Norma and I love to daydream together. "Wouldn't it be fun to have an RV and buy some land on a lake?" Norma once mused. "We could take the grandkids overnight." We talked about taking off with the family, and letting our kids use it on camping trips. We immersed ourselves in the possibilities.
So last year as I drove several hours from home to lead a seminar, I passed an RV park. I thought, Woohoo! RVs! I'm going to go look. I was intending only to browse. But there it was—a 1991 Holiday super colossal motor home. It looked brand new. The price was dirt cheap, it was remodeled inside, and, the salesman assured me, it had a new engine! I drove it. I loved it.
On the phone that night, I told Norma about the RV and we agreed again it would be great to own one. The next day, pumped after a successful seminar and fueled by our daydreams, I returned to the RV park and bought that 13-year-old RV. Norma's going to be so excited! I thought.
Barely able to contain myself, I called and told her I was coming home with a surprise.
"Gary, I hope you didn't buy that motor home."
Confident that Norma would succumb to the RV's charms once she saw it, I drove home, pulling into our driveway with a flourish. "Surprise!" I called as Norma came outside.
Her reaction wasn't what I'd hoped. Stepping inside, she wrinkled her nose. "It stinks in here! How old is this?"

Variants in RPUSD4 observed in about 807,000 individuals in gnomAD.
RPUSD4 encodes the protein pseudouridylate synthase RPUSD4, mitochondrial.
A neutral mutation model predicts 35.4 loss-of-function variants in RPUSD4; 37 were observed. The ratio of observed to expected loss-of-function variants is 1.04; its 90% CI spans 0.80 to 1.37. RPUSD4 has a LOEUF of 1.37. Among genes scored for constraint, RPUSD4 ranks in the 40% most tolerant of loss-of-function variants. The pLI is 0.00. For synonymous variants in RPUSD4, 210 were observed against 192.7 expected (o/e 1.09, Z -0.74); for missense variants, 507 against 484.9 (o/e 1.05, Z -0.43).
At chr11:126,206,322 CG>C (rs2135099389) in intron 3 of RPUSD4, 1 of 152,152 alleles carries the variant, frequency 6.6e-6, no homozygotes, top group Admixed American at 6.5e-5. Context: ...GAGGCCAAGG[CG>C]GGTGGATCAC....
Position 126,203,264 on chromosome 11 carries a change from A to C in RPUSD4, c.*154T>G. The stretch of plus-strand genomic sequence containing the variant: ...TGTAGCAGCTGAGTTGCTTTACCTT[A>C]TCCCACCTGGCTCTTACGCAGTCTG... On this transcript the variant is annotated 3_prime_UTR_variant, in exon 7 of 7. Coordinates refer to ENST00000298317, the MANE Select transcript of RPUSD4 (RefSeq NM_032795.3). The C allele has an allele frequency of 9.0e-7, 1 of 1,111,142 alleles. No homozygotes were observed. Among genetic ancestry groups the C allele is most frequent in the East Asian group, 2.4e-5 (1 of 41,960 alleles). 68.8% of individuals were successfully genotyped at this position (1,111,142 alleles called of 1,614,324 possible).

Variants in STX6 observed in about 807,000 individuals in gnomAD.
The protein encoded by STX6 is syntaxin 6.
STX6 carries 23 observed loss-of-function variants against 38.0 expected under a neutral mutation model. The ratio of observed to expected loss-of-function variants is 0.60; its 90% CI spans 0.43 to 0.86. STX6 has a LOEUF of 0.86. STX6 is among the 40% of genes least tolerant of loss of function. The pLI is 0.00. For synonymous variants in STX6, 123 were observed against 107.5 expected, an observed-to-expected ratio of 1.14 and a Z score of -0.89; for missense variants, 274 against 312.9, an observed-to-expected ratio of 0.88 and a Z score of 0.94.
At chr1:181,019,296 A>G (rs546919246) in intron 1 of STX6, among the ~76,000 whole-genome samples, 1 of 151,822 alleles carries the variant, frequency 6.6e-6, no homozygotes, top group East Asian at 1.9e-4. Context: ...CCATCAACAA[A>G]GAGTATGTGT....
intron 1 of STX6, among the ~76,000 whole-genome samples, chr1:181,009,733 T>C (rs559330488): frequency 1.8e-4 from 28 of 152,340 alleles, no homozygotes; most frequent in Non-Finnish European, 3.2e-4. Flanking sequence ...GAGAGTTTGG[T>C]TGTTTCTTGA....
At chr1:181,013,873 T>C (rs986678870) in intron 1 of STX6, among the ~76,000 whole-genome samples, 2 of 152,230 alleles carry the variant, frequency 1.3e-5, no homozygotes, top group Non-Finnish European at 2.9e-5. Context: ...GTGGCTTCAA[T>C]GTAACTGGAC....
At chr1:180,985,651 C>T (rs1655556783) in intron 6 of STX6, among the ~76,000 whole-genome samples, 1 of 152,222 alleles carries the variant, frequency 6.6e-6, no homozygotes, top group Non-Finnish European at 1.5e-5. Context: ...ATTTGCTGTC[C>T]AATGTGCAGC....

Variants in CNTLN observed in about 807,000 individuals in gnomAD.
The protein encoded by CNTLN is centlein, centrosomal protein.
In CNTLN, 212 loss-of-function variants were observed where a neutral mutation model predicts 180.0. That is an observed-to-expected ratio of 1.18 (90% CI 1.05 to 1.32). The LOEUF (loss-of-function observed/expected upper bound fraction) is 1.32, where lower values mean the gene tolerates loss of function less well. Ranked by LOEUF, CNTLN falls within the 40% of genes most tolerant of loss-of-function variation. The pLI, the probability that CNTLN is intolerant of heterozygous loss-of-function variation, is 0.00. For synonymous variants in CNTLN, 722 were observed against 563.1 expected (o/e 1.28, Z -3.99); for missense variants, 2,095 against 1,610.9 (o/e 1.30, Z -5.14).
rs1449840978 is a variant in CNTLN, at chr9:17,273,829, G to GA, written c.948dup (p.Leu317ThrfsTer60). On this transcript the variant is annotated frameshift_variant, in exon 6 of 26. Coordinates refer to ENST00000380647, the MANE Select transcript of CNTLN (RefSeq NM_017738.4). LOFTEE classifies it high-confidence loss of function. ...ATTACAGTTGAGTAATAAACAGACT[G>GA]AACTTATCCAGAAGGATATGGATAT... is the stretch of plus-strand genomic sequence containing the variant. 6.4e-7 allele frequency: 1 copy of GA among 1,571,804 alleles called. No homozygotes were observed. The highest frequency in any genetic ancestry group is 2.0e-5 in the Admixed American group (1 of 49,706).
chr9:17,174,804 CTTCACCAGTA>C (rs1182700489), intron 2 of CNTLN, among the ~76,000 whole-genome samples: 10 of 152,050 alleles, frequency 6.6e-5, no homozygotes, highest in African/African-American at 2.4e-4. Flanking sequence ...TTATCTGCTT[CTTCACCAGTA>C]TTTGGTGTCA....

"It's a 1991. But it's all brand new. Look—oak cabinets!"
"Who's going to take care of it? Where are you going to park it?" And then the killer blow: "Can you take it back?"
Unfortunately, in my rush to seal the deal, I'd missed the big sign pasted on the back: As Is—No Return.
Norma was not happy. But I was sure I'd done the right thing. She'll love it, I told myself. She just has to give it a chance.
Alas, the RV didn't exactly cooperate in my plans to win Norma over. It kept breaking down—bad spark plugs, a loose wire, missing heat shields. Once it dumped hydraulic fluid all over the grassy area by our big oak tree. It got so that every time Norma passed the RV she'd either roll her eyes, make a face, or flat out ask me if I was finally ready to sell it.
Looking back, my autonomous decision to purchase the motor home was a bad idea. Flowers, candy, earrings—all make terrific surprises. An RV requires a lot more deliberation and input—not to mention cash—from both spouses. Good intentions notwithstanding, I failed to treat Norma as an equal partner in our marriage. The money I spent was not mine, but ours. You'd think that after 40 years of marriage, I'd have learned that lesson already!
If I'd been really listening—and thinking!—I'd have realized our shared daydreams of family camping trips didn't mean Norma approved of buying a mobile home. Those dreams were just that—dreams. But I chose to hear what
I wanted to hear. I became so caught up in my plans that in some ways I stopped thinking about Norma altogether.
Fortunately, Norma forgave me. And I did manage eventually to sell the RV—at a significant loss.
I wrote motor home on my hand for some time afterwards to remind me of the foolishness of that impulsive purchase, and we now have a written agreement that I won't spend more than $500 without first talking it over with Norma. I've also renewed my commitment to listen not just to what Norma says, but to what she means.
I haven't stopped bringing home surprises for Norma. But I make sure it's a bouquet of roses or a bottle of perfume.
Copyright © 2005 by the author or Christianity Today/Marriage Partnership magazine. Click here for reprint information on Marriage Partnership.